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Ehlers-Danlos syndrome

From SNPedia

Ehlers–Danlos syndrome (EDS) is an inherited connective tissue disorder with different presentations that have been classified into several primary types. EDS is caused by a defect in the structure, production, or processing of collagen or proteins that interact with collagen, such as mutations in the COL5A or COL3A genes. More specifically, as outlined in Wikipedia the EDS types and corresponding genes are as follows:

Name Number Description Gene(s)
Hypermobility type 3 Affects 1 in 10,000 to 15,000 and is caused by an autosomal dominant or autosomal recessive mechanism. Mutations in either of two separate genes (which are also involved in Vascular EDS and Tenascin-X deficiency EDS, respectively) may lead to this variant. However, there has only been one report involving one family showing this mutation in COL3A1 (10.1093/hmg/3.9.1617), while there is some thought that the TNXB related EDS is actually its own separate subtype apart from type III. Joint hypermobility is the hallmark of this type, with less severe skin manifestations. Joint instability and chronic musculoskeletal pain are particularly prominent in this type. Patients with the Hypermobility Type experience frequent joint Joint dislocation|dislocations and subluxations (partial/incomplete dislocations), with or without trauma. As a result, pain is a common, severe, and a lifelong symptom of this type. Additionally, osteoarthritis is common, and many get it earlier in life than expected. TNXB, SometimesCOL3A1 (see description).
Classical types 1 & 2 Affects approximately 1 in 20,000 to 50,000 people. It is caused by autosomal dominant mechanism and affects type-V collagen, as well as type-I collagen. Type 1 typically presents with severe skin involvement, and type 2 presents with mild to moderate skin involvement. Patients with the Classical Type may experience the same symptoms as the Hypermobility Type. The main difference between the Hypermobility and Classical Types are the Classical has more skin involvement while the Hypermobility Type has more joint involvement. Those with Classical EDS can also have severe joints issues like those with the Hypermobility Type. COL5A1, COL5A2, COL1A1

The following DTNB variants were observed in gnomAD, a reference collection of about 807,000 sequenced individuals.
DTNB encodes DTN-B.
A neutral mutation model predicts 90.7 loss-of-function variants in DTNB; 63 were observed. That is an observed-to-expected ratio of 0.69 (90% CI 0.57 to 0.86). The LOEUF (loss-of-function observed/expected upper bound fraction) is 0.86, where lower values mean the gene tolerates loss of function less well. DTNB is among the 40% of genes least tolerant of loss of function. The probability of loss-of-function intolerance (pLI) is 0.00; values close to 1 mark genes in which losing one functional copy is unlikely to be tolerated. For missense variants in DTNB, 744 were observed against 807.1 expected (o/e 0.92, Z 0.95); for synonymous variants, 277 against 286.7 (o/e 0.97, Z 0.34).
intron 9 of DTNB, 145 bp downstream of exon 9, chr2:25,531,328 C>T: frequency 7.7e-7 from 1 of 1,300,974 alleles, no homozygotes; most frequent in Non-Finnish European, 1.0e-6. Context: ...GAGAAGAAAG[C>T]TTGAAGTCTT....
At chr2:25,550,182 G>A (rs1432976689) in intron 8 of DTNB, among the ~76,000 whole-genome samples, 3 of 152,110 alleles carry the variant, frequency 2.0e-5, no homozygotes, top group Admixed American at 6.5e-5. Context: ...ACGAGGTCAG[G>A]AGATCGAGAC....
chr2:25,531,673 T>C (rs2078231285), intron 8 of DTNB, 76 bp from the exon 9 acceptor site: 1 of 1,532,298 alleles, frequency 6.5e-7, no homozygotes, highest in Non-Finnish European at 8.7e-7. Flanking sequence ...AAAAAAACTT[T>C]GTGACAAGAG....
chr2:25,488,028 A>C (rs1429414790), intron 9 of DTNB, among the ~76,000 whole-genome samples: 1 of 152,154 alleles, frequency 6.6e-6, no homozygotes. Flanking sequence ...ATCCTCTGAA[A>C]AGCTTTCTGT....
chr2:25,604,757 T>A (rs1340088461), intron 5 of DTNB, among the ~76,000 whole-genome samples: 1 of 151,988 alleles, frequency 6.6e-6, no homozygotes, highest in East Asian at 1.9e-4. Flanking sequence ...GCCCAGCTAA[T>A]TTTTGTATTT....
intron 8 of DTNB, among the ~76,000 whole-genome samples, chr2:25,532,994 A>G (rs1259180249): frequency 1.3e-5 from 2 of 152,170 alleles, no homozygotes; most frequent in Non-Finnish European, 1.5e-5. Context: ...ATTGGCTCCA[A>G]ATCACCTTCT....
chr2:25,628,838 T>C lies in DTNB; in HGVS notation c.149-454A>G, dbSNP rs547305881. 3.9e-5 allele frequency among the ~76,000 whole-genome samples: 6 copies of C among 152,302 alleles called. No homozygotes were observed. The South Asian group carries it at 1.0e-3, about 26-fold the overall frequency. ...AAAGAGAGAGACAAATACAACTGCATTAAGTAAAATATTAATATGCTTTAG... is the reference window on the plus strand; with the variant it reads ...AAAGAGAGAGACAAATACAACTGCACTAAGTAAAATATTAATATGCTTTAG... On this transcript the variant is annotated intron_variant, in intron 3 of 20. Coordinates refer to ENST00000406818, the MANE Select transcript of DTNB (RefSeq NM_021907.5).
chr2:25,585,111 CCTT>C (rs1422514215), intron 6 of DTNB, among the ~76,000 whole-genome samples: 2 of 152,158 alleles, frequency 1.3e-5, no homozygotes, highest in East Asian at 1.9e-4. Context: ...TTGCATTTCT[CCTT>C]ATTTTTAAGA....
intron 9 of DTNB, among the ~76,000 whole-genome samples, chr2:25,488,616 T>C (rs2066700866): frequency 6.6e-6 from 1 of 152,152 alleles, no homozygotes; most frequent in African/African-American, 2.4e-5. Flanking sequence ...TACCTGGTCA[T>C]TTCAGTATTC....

Vascular type 4 Is an autosomal dominant defect in the type-III collagen synthesis; now thought to affect approximately 1 in 50,000 to 1 in 200,000. Most are only diagnosed after rupturing, so it is believed that many more may well go undiagnosed. The vascular type is considered one of the more serious forms of Ehlers–Danlos syndrome because blood vessels and organs are fragile and prone to tearing (rupture). Many patients with EDS type 4 express a characteristic facial appearance (large eyes, small chin, sunken cheeks, thin nose and lips, lobeless ears), have a small stature with a slim build, and typically have thin, pale, translucent skin (veins can usually be seen on the chest and abdomen) with very easy bruising and propensity to develop ecchymoses (bruising without trauma). Degree of severity depends on the nature of the mutations involved. The current statistics, based largely on those only diagnosed after rupturing, indicate that about one in four people diagnosed with vascular type EDS develop a significant health problem by age 20 and more than 80 percent develop life-threatening complications by age 40. COL3A1
Kyphoscoliosis type 6 Is an autosomal recessive defect due to deficiency of an enzyme called lysyl hydroxylase; it is very rare, with fewer than 60 cases reported. The kyphoscoliosis type is characterized by progressive curvature of the spine (scoliosis), thin conjunctiva with blue appearing sclera (eyes) and severe muscle weakness. PLOD1
Arthrochalasia types 7A & B Is an autosomal dominant defect which is very rare, with roughly 30 cases reported. It affects type-I collagen. The arthrochalasia type is characterised by very loose joints and dislocations involving both hips. Their joints are much looser than the Hypermobility Type. It could be considered more severe than Hypermobility Type. COL1A1, COL1A2
Dermatosparaxis type 7C Autosomal recessive. Very rare, with approximately 10 cases reported. The dermatosparaxis type is characterized by extremely fragile and sagging skin. ADAMTS2

And these genes are mentioned in Wikipedia: COL1A1, COL1A2, COL3A1, COL5A1, COL5A2, and TNXB

Coverage (% of known variants of any magnitude in SNPedia tested by a given company/chip) for variants from the genes mentioned above is shown in the following table:

SNP % is based on # of SNPs on chip vs in SNPedia (unadjusted for mutation frequency or magnitude)
Company & chip version TNXB COL1A1 COL5A1 COL5A2 COL3A1 PLOD1 COL1A2 ADAMTS2
23andMe v5 19% 42% 49% 47% 23% 11% 30% 43%
Ancestry v2
28% 37% 12% 5% 66% 28% 39% 71%

rs28937869 is linked in OMIM